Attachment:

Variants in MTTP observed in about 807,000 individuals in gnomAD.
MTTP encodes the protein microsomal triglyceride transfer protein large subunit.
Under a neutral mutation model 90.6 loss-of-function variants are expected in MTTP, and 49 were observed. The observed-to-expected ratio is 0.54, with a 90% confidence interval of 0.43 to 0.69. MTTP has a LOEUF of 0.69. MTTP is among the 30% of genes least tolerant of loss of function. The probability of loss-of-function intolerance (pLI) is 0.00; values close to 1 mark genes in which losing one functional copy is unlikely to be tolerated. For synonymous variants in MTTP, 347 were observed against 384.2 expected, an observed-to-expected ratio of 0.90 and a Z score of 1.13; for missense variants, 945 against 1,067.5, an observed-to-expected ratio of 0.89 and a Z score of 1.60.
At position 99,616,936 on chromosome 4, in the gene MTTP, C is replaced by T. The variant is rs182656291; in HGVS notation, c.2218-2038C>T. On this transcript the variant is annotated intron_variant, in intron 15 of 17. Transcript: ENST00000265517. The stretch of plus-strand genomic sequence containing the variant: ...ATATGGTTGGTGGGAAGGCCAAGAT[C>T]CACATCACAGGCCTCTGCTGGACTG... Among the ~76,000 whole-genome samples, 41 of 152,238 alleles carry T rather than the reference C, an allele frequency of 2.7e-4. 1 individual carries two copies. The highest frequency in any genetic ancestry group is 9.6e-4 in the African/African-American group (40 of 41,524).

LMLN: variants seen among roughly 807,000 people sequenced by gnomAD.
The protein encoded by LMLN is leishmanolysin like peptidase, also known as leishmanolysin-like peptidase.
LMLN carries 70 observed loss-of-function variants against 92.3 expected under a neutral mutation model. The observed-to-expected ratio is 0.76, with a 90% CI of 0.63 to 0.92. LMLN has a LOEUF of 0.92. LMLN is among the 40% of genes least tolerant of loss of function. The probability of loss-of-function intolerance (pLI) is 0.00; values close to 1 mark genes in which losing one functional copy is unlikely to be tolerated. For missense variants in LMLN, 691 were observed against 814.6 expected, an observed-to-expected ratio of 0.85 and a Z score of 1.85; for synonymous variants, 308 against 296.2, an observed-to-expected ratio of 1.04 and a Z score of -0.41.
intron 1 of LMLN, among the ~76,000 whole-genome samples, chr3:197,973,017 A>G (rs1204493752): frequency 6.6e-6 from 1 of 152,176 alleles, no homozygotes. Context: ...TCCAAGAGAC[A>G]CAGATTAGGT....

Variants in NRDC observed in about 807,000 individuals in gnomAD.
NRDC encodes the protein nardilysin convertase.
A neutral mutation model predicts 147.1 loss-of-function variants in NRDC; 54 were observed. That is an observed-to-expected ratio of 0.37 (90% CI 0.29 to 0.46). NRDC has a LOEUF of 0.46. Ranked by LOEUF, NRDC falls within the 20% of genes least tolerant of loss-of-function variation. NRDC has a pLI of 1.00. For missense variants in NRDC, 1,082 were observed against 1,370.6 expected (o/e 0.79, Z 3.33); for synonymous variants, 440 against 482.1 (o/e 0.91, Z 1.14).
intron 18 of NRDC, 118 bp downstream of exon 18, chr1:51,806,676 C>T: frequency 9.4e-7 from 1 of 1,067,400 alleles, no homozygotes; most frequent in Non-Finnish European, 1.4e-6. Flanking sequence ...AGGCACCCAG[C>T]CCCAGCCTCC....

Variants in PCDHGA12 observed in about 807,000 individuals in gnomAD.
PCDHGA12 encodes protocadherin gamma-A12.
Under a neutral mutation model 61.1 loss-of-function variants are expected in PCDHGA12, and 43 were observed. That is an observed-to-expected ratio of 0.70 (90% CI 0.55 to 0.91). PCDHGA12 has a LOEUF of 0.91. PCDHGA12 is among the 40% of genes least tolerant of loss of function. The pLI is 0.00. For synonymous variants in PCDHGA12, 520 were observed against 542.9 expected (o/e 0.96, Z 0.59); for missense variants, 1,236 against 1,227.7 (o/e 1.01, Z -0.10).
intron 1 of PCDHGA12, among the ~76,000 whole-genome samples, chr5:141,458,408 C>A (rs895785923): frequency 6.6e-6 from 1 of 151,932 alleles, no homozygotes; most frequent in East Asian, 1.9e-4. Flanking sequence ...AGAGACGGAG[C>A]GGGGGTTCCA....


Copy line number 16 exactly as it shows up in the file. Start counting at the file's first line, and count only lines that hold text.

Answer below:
intron 1 of PCDHGA12, among the ~76,000 whole-genome samples, chr5:141,458,408 C>A (rs895785923): frequency 6.6e-6 from 1 of 151,932 alleles, no homozygotes; most frequent in East Asian, 1.9e-4. Flanking sequence ...AGAGACGGAG[C>A]GGGGGTTCCA....